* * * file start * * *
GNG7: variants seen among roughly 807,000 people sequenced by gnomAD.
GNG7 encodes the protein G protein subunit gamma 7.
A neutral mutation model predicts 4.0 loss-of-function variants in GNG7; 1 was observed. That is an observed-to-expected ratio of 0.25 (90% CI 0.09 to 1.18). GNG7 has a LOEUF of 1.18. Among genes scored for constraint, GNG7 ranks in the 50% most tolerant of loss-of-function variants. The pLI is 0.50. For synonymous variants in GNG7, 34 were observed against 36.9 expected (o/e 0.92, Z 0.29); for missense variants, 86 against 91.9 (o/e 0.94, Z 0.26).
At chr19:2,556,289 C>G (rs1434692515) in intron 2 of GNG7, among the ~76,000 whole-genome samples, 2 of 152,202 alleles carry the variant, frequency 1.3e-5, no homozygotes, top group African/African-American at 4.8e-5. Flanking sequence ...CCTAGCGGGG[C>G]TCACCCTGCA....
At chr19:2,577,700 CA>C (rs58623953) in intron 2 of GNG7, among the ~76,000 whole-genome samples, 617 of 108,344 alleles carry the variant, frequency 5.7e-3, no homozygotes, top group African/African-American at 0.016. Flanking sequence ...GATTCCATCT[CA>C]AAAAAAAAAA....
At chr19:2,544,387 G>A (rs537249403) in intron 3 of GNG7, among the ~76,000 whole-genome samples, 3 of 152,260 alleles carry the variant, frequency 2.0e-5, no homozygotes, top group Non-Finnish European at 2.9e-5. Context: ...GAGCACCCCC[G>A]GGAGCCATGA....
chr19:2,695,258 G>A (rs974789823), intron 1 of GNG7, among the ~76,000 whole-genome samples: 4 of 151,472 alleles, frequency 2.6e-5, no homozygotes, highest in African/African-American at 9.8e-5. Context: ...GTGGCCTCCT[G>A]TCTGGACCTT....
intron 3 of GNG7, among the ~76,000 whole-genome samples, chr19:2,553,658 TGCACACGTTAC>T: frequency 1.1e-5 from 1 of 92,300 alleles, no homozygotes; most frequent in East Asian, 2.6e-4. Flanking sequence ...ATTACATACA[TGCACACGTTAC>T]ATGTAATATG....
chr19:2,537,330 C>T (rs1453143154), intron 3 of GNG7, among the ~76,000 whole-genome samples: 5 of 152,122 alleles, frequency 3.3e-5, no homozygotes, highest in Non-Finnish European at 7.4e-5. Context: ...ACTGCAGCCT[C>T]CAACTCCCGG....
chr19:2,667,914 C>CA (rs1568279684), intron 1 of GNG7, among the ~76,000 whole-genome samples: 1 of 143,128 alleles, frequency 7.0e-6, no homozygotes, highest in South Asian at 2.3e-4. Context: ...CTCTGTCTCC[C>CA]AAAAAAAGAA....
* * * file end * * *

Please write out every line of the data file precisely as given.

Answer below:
GNG7: variants seen among roughly 807,000 people sequenced by gnomAD.
GNG7 encodes the protein G protein subunit gamma 7.
A neutral mutation model predicts 4.0 loss-of-function variants in GNG7; 1 was observed. That is an observed-to-expected ratio of 0.25 (90% CI 0.09 to 1.18). GNG7 has a LOEUF of 1.18. Among genes scored for constraint, GNG7 ranks in the 50% most tolerant of loss-of-function variants. The pLI is 0.50. For synonymous variants in GNG7, 34 were observed against 36.9 expected (o/e 0.92, Z 0.29); for missense variants, 86 against 91.9 (o/e 0.94, Z 0.26).
At chr19:2,556,289 C>G (rs1434692515) in intron 2 of GNG7, among the ~76,000 whole-genome samples, 2 of 152,202 alleles carry the variant, frequency 1.3e-5, no homozygotes, top group African/African-American at 4.8e-5. Flanking sequence ...CCTAGCGGGG[C>G]TCACCCTGCA....
At chr19:2,577,700 CA>C (rs58623953) in intron 2 of GNG7, among the ~76,000 whole-genome samples, 617 of 108,344 alleles carry the variant, frequency 5.7e-3, no homozygotes, top group African/African-American at 0.016. Flanking sequence ...GATTCCATCT[CA>C]AAAAAAAAAA....
At chr19:2,544,387 G>A (rs537249403) in intron 3 of GNG7, among the ~76,000 whole-genome samples, 3 of 152,260 alleles carry the variant, frequency 2.0e-5, no homozygotes, top group Non-Finnish European at 2.9e-5. Context: ...GAGCACCCCC[G>A]GGAGCCATGA....
chr19:2,695,258 G>A (rs974789823), intron 1 of GNG7, among the ~76,000 whole-genome samples: 4 of 151,472 alleles, frequency 2.6e-5, no homozygotes, highest in African/African-American at 9.8e-5. Context: ...GTGGCCTCCT[G>A]TCTGGACCTT....
intron 3 of GNG7, among the ~76,000 whole-genome samples, chr19:2,553,658 TGCACACGTTAC>T: frequency 1.1e-5 from 1 of 92,300 alleles, no homozygotes; most frequent in East Asian, 2.6e-4. Flanking sequence ...ATTACATACA[TGCACACGTTAC>T]ATGTAATATG....
chr19:2,537,330 C>T (rs1453143154), intron 3 of GNG7, among the ~76,000 whole-genome samples: 5 of 152,122 alleles, frequency 3.3e-5, no homozygotes, highest in Non-Finnish European at 7.4e-5. Context: ...ACTGCAGCCT[C>T]CAACTCCCGG....
chr19:2,667,914 C>CA (rs1568279684), intron 1 of GNG7, among the ~76,000 whole-genome samples: 1 of 143,128 alleles, frequency 7.0e-6, no homozygotes, highest in South Asian at 2.3e-4. Context: ...CTCTGTCTCC[C>CA]AAAAAAAGAA....